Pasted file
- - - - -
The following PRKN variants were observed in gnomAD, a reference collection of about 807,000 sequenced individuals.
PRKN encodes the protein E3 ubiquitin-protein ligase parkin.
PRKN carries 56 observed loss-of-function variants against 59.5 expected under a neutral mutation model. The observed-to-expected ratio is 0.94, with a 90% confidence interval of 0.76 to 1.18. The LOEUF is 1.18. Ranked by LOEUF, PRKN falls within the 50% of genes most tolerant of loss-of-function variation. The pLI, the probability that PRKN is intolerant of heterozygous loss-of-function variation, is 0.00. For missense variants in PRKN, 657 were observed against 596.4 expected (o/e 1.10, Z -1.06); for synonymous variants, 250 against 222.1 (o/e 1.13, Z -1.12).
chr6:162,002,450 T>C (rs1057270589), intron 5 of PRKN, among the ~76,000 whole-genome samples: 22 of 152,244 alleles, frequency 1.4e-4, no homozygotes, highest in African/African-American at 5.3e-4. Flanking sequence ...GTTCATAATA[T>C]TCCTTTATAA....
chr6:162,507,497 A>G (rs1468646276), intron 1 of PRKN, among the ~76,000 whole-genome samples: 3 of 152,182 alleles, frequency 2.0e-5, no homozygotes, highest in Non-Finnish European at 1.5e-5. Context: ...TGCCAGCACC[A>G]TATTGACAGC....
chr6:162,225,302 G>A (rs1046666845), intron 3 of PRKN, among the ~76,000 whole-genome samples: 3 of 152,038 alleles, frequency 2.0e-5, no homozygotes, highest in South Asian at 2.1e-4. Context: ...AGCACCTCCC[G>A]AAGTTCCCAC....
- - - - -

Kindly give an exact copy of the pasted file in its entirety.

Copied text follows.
The following PRKN variants were observed in gnomAD, a reference collection of about 807,000 sequenced individuals.
PRKN encodes the protein E3 ubiquitin-protein ligase parkin.
PRKN carries 56 observed loss-of-function variants against 59.5 expected under a neutral mutation model. The observed-to-expected ratio is 0.94, with a 90% confidence interval of 0.76 to 1.18. The LOEUF is 1.18. Ranked by LOEUF, PRKN falls within the 50% of genes most tolerant of loss-of-function variation. The pLI, the probability that PRKN is intolerant of heterozygous loss-of-function variation, is 0.00. For missense variants in PRKN, 657 were observed against 596.4 expected (o/e 1.10, Z -1.06); for synonymous variants, 250 against 222.1 (o/e 1.13, Z -1.12).
chr6:162,002,450 T>C (rs1057270589), intron 5 of PRKN, among the ~76,000 whole-genome samples: 22 of 152,244 alleles, frequency 1.4e-4, no homozygotes, highest in African/African-American at 5.3e-4. Flanking sequence ...GTTCATAATA[T>C]TCCTTTATAA....
chr6:162,507,497 A>G (rs1468646276), intron 1 of PRKN, among the ~76,000 whole-genome samples: 3 of 152,182 alleles, frequency 2.0e-5, no homozygotes, highest in Non-Finnish European at 1.5e-5. Context: ...TGCCAGCACC[A>G]TATTGACAGC....
chr6:162,225,302 G>A (rs1046666845), intron 3 of PRKN, among the ~76,000 whole-genome samples: 3 of 152,038 alleles, frequency 2.0e-5, no homozygotes, highest in South Asian at 2.1e-4. Context: ...AGCACCTCCC[G>A]AAGTTCCCAC....